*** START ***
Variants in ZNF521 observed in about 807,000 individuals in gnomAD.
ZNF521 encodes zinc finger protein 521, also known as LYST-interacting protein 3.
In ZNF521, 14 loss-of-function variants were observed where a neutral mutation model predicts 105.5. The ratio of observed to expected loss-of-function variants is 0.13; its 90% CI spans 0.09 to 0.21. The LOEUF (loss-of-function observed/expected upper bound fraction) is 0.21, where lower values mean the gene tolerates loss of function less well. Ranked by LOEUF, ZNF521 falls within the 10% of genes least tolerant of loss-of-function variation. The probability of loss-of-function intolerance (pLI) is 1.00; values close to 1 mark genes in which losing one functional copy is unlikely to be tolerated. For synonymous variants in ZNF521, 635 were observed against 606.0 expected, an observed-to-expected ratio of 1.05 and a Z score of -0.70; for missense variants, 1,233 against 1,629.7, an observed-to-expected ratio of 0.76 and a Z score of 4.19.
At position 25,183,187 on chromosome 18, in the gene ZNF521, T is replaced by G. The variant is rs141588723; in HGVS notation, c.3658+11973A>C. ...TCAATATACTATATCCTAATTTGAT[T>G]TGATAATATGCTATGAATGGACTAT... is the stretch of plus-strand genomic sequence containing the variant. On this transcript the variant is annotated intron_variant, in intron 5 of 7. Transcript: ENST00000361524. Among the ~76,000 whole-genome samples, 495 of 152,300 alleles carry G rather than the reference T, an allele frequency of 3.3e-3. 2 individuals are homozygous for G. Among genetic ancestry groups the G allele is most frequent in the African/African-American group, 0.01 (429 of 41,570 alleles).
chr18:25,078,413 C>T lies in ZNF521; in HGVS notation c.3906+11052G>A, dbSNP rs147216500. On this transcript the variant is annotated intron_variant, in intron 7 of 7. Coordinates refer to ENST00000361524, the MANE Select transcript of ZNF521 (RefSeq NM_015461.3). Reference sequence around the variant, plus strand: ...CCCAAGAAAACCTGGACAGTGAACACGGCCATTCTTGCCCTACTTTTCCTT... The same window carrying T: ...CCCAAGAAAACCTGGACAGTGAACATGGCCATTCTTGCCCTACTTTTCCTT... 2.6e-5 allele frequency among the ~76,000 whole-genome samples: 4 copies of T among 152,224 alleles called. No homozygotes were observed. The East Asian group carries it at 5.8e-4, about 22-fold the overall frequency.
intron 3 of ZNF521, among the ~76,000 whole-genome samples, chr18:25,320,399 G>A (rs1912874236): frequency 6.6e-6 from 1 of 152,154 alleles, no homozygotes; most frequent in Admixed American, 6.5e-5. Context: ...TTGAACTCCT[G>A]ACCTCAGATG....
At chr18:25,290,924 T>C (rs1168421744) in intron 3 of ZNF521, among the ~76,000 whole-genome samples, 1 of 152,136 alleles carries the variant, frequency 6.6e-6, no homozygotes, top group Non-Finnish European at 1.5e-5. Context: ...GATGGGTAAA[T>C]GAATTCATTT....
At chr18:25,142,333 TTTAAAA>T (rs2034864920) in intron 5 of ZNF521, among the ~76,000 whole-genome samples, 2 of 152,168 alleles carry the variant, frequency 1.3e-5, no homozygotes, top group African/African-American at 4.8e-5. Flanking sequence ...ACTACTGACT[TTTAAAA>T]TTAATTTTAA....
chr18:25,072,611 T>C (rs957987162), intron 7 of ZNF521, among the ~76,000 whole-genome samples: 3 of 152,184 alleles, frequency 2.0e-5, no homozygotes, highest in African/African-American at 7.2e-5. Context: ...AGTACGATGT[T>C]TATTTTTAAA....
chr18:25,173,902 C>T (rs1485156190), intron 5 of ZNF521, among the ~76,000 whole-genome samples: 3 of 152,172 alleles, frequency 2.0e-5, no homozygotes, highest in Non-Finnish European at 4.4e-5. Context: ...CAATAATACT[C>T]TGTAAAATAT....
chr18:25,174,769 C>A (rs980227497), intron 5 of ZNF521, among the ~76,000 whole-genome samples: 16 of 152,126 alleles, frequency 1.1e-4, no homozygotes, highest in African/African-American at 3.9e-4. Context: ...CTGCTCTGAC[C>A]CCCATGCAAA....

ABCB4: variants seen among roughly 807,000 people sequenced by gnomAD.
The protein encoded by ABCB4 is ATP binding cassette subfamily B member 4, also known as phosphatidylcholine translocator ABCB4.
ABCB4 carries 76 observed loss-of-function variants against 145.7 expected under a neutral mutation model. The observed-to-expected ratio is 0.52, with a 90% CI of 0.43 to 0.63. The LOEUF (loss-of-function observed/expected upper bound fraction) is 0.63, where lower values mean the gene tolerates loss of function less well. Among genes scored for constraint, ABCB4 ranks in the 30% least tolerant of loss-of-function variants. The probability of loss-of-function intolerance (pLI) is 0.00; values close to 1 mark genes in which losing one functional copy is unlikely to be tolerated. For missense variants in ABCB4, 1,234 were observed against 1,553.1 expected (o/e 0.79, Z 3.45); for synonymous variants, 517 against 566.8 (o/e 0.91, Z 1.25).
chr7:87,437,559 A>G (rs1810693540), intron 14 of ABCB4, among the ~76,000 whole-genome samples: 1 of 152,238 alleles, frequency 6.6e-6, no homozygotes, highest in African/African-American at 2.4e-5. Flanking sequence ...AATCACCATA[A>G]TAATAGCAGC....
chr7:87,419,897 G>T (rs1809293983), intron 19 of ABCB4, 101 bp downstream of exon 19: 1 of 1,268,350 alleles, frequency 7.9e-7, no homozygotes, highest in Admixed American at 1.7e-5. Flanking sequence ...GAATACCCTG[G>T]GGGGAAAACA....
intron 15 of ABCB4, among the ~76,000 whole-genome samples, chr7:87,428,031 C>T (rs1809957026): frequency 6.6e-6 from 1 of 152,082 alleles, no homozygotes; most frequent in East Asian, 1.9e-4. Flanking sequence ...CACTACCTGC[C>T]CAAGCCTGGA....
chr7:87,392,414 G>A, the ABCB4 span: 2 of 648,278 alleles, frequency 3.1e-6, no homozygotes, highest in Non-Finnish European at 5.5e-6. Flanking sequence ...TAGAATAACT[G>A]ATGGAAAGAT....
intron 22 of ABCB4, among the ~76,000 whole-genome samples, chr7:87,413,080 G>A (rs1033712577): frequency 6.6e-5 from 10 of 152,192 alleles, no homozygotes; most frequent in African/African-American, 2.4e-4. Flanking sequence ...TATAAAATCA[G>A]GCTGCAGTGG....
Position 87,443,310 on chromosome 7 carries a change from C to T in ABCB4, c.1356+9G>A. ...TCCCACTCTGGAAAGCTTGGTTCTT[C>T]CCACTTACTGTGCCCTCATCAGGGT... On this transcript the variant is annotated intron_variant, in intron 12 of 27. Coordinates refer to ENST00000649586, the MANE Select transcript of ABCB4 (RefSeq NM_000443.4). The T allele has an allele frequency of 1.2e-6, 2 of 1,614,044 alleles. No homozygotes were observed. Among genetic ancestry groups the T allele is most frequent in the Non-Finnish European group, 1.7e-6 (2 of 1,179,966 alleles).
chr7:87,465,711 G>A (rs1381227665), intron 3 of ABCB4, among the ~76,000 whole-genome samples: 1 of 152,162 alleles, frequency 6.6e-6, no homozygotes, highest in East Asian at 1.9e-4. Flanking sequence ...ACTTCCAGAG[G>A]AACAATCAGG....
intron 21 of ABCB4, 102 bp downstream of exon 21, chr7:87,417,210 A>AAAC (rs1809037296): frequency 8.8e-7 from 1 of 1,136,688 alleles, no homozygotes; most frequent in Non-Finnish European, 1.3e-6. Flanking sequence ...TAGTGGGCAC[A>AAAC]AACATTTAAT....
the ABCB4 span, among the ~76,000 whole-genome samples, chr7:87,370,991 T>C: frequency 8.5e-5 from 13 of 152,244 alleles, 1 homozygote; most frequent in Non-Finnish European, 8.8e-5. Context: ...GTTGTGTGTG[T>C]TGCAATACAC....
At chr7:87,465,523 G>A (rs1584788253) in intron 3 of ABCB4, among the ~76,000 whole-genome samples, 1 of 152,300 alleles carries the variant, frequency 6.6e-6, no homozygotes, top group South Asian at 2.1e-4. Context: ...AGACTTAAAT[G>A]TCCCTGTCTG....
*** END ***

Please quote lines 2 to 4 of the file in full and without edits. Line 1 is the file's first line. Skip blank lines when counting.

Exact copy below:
ZNF521 encodes zinc finger protein 521, also known as LYST-interacting protein 3.
In ZNF521, 14 loss-of-function variants were observed where a neutral mutation model predicts 105.5. The ratio of observed to expected loss-of-function variants is 0.13; its 90% CI spans 0.09 to 0.21. The LOEUF (loss-of-function observed/expected upper bound fraction) is 0.21, where lower values mean the gene tolerates loss of function less well. Ranked by LOEUF, ZNF521 falls within the 10% of genes least tolerant of loss-of-function variation. The probability of loss-of-function intolerance (pLI) is 1.00; values close to 1 mark genes in which losing one functional copy is unlikely to be tolerated. For synonymous variants in ZNF521, 635 were observed against 606.0 expected, an observed-to-expected ratio of 1.05 and a Z score of -0.70; for missense variants, 1,233 against 1,629.7, an observed-to-expected ratio of 0.76 and a Z score of 4.19.
At position 25,183,187 on chromosome 18, in the gene ZNF521, T is replaced by G. The variant is rs141588723; in HGVS notation, c.3658+11973A>C. ...TCAATATACTATATCCTAATTTGAT[T>G]TGATAATATGCTATGAATGGACTAT... is the stretch of plus-strand genomic sequence containing the variant. On this transcript the variant is annotated intron_variant, in intron 5 of 7. Transcript: ENST00000361524. Among the ~76,000 whole-genome samples, 495 of 152,300 alleles carry G rather than the reference T, an allele frequency of 3.3e-3. 2 individuals are homozygous for G. Among genetic ancestry groups the G allele is most frequent in the African/African-American group, 0.01 (429 of 41,570 alleles).